Not all Joomla templates are created equal. Templates that you buy or download for free online have different features. This is especially true with the modules and the associated features. Let’s say for example that you purchased a template like Fiction from Joomshaper.
This particular template contains a module called, mod_joom_ns1. That name in itself doesn’t mean anything, but that module allows you to create a list of articles on your site along with a small image taken from each of the articles. The list of articles you display could be anything from the most read, the latest published, the oldest published or a specific order that you set. The parameters for this module are rather impressive as seen in the screenshot below.
When you buy the Fiction template, you are free to modify it or to use it as you wish. What I wanted to do was import this module to a template that I’m creating from scratch. The problem is, I’m not a PHP developer, and the code used in this module is rather intimidating. I would provide the code here, but it is under strict copyright.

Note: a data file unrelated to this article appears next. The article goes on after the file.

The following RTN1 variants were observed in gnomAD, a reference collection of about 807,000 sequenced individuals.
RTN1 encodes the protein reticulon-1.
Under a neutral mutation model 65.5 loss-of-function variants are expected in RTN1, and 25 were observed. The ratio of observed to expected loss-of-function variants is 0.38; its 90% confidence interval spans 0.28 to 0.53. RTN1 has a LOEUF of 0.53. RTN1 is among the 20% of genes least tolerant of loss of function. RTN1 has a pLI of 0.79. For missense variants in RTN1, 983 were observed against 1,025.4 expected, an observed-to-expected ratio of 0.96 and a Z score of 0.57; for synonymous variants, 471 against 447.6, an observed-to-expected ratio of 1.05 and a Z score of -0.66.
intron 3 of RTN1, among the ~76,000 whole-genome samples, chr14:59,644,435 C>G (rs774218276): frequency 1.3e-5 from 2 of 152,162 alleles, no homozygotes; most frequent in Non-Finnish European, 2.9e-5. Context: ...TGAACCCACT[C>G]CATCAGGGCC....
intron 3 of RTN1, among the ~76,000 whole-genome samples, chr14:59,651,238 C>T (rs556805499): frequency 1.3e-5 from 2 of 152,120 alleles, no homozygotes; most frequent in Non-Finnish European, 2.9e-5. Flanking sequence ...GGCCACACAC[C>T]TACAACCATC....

Instead of trying to recreate the code on my own, or make an attempt at updating the default modules that comes with a basic Joomla install, I decided the best solution was to copy the files from the Fiction template to my unique template. This sounds easy enough to do, but I spent the good portion of my morning trying to figure out how to do it on my own. I found a few resources online, but I didn’t find anything that especially helped me. So, I’m hoping this serves as an excellent Tips & Tricks article for those of you in the same situation.
First, I copied the mod_joom_ns1 folder from the module folder of the Fiction template directory to the desktop. To install it to my unique template, which won’t be so unique after I borrow a module from a paid-for template, I went to the Extension Manager through the backend of Joomla. Instead of using the Upload Package File option, I used the Install from Directory option as seen here:
This worked beautifully and I had an instantly installed-and-working module. What did not carryover was the CSS. But after you figure out which classes and divs each of the elements are defined in, then you can update your own CSS file and create your own attributes.
Yes, the technique is extremely simple and easy, but that’s only after you know what to do! Knowledge and wisdom is two-thirds of problem solving while the execution is only one-third.